Column: The woman who lived in a tree

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Julia Butterfly Hill lived in a redwood tree for more than two years. (Submitted photo)

Julia Butterfly Hill lived in a redwood tree for more than two years. (Submitted photo)

Commentary by Dr. Sally Brown Bassett

She lived on a 6-by-6-foot plywood platform 200 feet up in tree for more than two years! Why? To save an ancient redwood tree in California from being cut down by Pacific Lumber Company loggers. I personally have not met someone more determined to make a difference and more passionate for our earth than Julia Butterfly Hill.

Like many people, I wanted to know the particulars of how Julia lived during her time in the tree, affectionately known as “Luna.” Food was hoisted up to her and she cooked on a single-burner propane store. Bathing was done from a bucket. She seldom washed the soles of her feet, because the sap helped her feet stick to the branches better. She often called herself a “dirty, tree huggin’ hippy.” Julia faced some of the worst winter storms recorded in the history of California. She survived severe weather, harassment, loneliness and doubt. Because of her experience, she not only survived but thrived.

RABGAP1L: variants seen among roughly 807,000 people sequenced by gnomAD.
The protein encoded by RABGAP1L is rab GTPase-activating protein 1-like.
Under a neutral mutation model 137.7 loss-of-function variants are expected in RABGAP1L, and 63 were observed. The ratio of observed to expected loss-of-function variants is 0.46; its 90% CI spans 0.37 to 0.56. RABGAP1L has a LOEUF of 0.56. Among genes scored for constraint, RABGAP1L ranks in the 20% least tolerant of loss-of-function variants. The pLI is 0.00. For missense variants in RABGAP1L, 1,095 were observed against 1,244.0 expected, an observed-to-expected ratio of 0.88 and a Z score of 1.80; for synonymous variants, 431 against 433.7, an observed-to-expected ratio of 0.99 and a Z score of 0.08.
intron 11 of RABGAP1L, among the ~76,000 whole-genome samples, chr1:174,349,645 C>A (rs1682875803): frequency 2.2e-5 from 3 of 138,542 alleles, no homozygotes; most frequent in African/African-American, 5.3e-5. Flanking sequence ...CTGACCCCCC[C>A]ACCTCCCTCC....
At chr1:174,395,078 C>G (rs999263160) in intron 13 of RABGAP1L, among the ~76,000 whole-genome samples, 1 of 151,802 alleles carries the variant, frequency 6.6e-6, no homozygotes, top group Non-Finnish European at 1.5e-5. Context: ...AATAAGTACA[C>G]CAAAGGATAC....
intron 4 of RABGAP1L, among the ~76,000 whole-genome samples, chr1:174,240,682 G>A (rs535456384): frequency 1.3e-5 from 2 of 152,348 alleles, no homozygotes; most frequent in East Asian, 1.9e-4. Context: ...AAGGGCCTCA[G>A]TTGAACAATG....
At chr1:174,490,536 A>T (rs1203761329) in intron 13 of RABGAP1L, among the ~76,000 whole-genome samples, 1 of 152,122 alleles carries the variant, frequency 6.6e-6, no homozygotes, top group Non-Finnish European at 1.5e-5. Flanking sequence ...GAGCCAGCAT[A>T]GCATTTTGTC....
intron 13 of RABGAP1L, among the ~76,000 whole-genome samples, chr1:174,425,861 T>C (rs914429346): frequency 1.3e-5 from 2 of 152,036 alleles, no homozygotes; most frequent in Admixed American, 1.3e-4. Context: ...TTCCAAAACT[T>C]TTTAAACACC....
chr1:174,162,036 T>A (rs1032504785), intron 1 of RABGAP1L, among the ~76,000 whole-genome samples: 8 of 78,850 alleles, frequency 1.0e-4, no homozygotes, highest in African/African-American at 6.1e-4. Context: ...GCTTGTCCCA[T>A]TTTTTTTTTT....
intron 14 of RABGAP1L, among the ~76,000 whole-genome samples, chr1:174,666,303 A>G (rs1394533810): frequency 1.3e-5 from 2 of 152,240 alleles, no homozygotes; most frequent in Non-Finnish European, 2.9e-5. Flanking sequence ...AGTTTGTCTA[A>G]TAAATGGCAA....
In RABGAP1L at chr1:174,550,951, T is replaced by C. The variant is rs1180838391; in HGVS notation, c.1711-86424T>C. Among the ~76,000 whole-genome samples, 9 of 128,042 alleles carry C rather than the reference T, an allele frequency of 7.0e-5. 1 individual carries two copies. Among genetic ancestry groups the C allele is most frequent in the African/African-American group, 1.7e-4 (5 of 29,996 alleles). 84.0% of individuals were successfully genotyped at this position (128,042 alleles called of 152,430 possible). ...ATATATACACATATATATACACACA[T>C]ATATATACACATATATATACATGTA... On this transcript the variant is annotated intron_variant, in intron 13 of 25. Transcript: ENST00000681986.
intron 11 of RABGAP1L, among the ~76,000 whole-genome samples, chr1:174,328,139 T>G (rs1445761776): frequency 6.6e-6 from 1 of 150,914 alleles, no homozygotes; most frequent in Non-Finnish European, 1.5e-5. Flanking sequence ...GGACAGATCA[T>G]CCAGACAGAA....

Through her mobile phone, Julia was approached by celebrities, politicians and reporters who wanted to support and document her battle against the powerful corporation. Julia accepted that it was her mission to pass on the message.

After 738 days, Julia descended on Dec. 18, 1999. Since then, she has become an activist for social, environmental and consciousness issues, speaking to more than 250 groups a year around the world. She wrote a book that I could not put down, “The Legacy of Luna.”

Julia believes “to live a life of service for a better world is a legacy that doesn’t disappear. It’s an imprint, and that imprint can be negative or positive, depending upon the actions and choices we make every single moment of every single day.” Julia speaks with great articulation and definitely practices what she preaches.

Julia Butterfly Hill embodies one of my very favorite posters. “Well-behaved women seldom make history.”


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